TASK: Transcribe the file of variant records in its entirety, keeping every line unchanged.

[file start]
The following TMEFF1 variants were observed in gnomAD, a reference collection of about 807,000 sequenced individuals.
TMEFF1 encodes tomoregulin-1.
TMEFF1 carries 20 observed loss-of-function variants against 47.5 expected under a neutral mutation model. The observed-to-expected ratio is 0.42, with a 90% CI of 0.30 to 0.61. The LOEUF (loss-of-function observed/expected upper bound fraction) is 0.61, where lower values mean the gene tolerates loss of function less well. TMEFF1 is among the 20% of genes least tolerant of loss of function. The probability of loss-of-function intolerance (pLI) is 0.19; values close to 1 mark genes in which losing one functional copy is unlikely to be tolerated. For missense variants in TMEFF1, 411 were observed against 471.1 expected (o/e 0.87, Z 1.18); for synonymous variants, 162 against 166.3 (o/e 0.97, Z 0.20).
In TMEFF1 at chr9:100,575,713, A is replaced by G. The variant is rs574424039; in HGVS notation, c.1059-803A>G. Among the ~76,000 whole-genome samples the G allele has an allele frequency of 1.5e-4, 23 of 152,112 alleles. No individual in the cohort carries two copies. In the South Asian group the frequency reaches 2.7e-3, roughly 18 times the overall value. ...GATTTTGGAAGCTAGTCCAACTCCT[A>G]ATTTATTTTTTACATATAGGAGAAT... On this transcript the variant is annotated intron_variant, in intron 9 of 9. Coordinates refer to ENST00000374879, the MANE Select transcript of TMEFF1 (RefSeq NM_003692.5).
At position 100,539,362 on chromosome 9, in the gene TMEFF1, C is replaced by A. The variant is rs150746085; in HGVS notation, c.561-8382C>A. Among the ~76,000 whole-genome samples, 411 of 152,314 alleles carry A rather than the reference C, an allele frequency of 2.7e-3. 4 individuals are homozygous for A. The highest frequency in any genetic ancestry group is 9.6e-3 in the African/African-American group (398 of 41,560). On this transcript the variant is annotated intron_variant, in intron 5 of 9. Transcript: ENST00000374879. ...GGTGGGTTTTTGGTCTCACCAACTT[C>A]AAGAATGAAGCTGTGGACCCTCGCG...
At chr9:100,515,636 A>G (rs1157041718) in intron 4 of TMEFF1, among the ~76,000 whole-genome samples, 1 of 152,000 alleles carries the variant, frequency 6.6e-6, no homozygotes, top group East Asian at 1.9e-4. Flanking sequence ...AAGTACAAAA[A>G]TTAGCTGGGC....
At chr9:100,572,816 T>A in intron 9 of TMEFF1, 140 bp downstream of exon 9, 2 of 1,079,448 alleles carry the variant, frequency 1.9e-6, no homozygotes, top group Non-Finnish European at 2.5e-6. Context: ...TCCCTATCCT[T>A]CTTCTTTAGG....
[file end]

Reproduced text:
The following TMEFF1 variants were observed in gnomAD, a reference collection of about 807,000 sequenced individuals.
TMEFF1 encodes tomoregulin-1.
TMEFF1 carries 20 observed loss-of-function variants against 47.5 expected under a neutral mutation model. The observed-to-expected ratio is 0.42, with a 90% CI of 0.30 to 0.61. The LOEUF (loss-of-function observed/expected upper bound fraction) is 0.61, where lower values mean the gene tolerates loss of function less well. TMEFF1 is among the 20% of genes least tolerant of loss of function. The probability of loss-of-function intolerance (pLI) is 0.19; values close to 1 mark genes in which losing one functional copy is unlikely to be tolerated. For missense variants in TMEFF1, 411 were observed against 471.1 expected (o/e 0.87, Z 1.18); for synonymous variants, 162 against 166.3 (o/e 0.97, Z 0.20).
In TMEFF1 at chr9:100,575,713, A is replaced by G. The variant is rs574424039; in HGVS notation, c.1059-803A>G. Among the ~76,000 whole-genome samples the G allele has an allele frequency of 1.5e-4, 23 of 152,112 alleles. No individual in the cohort carries two copies. In the South Asian group the frequency reaches 2.7e-3, roughly 18 times the overall value. ...GATTTTGGAAGCTAGTCCAACTCCT[A>G]ATTTATTTTTTACATATAGGAGAAT... On this transcript the variant is annotated intron_variant, in intron 9 of 9. Coordinates refer to ENST00000374879, the MANE Select transcript of TMEFF1 (RefSeq NM_003692.5).
At position 100,539,362 on chromosome 9, in the gene TMEFF1, C is replaced by A. The variant is rs150746085; in HGVS notation, c.561-8382C>A. Among the ~76,000 whole-genome samples, 411 of 152,314 alleles carry A rather than the reference C, an allele frequency of 2.7e-3. 4 individuals are homozygous for A. The highest frequency in any genetic ancestry group is 9.6e-3 in the African/African-American group (398 of 41,560). On this transcript the variant is annotated intron_variant, in intron 5 of 9. Transcript: ENST00000374879. ...GGTGGGTTTTTGGTCTCACCAACTT[C>A]AAGAATGAAGCTGTGGACCCTCGCG...
At chr9:100,515,636 A>G (rs1157041718) in intron 4 of TMEFF1, among the ~76,000 whole-genome samples, 1 of 152,000 alleles carries the variant, frequency 6.6e-6, no homozygotes, top group East Asian at 1.9e-4. Flanking sequence ...AAGTACAAAA[A>G]TTAGCTGGGC....
At chr9:100,572,816 T>A in intron 9 of TMEFF1, 140 bp downstream of exon 9, 2 of 1,079,448 alleles carry the variant, frequency 1.9e-6, no homozygotes, top group Non-Finnish European at 2.5e-6. Context: ...TCCCTATCCT[T>A]CTTCTTTAGG....